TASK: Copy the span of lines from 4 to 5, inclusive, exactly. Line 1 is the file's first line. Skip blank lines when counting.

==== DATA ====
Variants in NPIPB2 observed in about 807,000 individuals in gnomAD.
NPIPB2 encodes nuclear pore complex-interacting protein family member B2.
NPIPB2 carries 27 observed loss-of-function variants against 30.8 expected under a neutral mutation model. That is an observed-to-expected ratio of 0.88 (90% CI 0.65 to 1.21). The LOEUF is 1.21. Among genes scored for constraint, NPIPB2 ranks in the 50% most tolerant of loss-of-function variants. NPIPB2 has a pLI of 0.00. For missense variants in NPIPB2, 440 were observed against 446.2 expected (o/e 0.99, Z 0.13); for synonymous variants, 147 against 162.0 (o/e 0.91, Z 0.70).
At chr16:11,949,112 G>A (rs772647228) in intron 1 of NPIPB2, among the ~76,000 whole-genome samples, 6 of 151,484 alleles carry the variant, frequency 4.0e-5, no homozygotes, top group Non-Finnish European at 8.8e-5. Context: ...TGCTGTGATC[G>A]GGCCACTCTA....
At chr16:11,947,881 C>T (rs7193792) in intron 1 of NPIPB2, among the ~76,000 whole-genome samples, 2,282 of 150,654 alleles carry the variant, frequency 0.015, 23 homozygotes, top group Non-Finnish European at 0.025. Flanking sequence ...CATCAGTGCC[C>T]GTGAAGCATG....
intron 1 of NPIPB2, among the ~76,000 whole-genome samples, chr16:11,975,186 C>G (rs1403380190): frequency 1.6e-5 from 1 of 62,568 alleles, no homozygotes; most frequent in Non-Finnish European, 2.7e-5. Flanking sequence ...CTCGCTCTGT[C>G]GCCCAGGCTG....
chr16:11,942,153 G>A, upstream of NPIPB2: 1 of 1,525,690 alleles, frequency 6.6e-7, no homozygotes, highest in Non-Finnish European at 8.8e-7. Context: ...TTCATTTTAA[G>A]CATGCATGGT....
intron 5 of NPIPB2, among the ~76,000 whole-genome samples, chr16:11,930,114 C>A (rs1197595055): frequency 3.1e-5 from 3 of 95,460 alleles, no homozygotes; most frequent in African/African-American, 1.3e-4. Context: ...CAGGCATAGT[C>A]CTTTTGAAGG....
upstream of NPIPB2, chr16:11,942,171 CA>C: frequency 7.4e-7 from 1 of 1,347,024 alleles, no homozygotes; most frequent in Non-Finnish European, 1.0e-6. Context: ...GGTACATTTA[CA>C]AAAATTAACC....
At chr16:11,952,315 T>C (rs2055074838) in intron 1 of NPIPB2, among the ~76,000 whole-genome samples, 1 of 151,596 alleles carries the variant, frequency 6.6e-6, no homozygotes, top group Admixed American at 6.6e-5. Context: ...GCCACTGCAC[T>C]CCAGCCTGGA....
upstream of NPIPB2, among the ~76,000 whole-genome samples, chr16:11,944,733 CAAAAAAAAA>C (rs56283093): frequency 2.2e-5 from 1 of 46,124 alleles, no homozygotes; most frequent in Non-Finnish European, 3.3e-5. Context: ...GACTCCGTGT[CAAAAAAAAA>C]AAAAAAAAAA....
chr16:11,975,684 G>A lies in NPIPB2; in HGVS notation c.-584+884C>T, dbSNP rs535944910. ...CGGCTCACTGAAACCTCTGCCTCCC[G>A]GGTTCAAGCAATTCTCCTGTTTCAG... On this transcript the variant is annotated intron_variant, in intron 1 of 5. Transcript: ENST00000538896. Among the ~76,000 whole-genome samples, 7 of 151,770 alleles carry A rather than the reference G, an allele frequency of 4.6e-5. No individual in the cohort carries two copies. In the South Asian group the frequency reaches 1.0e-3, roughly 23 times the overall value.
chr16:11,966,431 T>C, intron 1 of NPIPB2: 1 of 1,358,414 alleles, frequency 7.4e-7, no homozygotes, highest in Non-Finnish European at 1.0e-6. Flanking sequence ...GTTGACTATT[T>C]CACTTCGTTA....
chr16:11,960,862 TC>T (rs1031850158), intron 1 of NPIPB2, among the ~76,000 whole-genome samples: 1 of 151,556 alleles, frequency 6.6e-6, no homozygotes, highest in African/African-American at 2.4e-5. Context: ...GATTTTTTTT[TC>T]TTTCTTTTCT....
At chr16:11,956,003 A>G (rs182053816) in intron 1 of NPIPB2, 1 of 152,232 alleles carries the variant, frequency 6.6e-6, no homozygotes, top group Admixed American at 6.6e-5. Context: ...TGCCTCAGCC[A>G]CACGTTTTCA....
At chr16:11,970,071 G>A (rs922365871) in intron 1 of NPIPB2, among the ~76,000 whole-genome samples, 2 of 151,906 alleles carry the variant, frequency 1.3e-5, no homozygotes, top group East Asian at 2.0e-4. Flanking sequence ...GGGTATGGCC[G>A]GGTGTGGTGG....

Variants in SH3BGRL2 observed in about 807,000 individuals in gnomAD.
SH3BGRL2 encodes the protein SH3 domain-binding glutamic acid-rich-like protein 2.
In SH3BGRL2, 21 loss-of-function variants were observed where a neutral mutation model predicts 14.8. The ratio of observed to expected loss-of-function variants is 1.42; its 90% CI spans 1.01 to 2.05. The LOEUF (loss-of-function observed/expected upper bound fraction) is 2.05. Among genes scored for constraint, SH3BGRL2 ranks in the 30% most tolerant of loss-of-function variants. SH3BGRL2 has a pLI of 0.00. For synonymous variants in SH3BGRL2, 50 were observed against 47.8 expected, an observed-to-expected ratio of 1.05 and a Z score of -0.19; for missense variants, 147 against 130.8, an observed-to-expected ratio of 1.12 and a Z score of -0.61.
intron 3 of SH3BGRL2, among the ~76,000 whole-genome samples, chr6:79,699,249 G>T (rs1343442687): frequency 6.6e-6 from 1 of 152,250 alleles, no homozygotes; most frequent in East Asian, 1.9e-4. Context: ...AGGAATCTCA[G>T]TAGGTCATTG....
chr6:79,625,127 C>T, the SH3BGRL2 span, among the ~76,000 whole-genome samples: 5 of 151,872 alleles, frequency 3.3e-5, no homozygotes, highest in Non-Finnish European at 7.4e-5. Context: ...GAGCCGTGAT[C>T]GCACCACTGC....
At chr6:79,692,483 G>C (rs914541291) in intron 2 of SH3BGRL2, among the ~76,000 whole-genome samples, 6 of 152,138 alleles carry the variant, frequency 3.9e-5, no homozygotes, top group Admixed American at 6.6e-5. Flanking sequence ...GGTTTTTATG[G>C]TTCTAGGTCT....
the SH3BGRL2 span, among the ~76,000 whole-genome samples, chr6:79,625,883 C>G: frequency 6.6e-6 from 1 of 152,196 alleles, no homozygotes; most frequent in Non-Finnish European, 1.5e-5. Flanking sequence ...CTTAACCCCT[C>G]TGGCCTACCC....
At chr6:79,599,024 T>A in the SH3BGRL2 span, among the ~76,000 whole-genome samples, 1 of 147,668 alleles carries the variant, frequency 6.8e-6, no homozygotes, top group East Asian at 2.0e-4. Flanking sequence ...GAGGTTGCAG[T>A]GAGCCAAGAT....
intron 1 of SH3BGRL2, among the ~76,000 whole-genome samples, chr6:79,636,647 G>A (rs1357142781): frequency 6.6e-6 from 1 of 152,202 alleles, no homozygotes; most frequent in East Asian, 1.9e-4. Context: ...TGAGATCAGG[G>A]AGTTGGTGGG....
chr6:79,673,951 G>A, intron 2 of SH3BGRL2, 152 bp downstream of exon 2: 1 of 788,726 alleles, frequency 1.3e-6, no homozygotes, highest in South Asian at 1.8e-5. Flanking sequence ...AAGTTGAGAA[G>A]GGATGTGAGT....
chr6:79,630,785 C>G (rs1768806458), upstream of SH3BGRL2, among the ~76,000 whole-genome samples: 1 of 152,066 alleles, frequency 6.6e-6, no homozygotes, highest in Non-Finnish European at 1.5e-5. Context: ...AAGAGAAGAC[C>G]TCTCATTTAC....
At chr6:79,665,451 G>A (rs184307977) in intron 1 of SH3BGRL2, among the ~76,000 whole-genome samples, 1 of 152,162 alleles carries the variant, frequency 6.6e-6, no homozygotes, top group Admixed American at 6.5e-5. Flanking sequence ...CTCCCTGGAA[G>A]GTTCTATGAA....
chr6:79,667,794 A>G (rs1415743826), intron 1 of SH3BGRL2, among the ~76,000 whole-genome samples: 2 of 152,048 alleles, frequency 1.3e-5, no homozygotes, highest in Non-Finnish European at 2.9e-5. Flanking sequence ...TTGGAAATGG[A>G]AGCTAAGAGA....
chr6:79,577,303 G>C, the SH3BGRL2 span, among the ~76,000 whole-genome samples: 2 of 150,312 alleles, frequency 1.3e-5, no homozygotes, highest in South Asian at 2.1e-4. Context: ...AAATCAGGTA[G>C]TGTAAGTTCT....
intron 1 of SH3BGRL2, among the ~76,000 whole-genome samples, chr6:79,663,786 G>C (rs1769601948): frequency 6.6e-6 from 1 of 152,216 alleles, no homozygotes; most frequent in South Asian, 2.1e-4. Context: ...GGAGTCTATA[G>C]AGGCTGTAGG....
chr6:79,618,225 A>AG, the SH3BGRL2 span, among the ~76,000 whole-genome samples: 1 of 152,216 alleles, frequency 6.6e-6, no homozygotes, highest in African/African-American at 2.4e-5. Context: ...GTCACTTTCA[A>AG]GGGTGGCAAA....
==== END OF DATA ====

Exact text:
At chr16:11,949,112 G>A (rs772647228) in intron 1 of NPIPB2, among the ~76,000 whole-genome samples, 6 of 151,484 alleles carry the variant, frequency 4.0e-5, no homozygotes, top group Non-Finnish European at 8.8e-5. Context: ...TGCTGTGATC[G>A]GGCCACTCTA....
At chr16:11,947,881 C>T (rs7193792) in intron 1 of NPIPB2, among the ~76,000 whole-genome samples, 2,282 of 150,654 alleles carry the variant, frequency 0.015, 23 homozygotes, top group Non-Finnish European at 0.025. Flanking sequence ...CATCAGTGCC[C>T]GTGAAGCATG....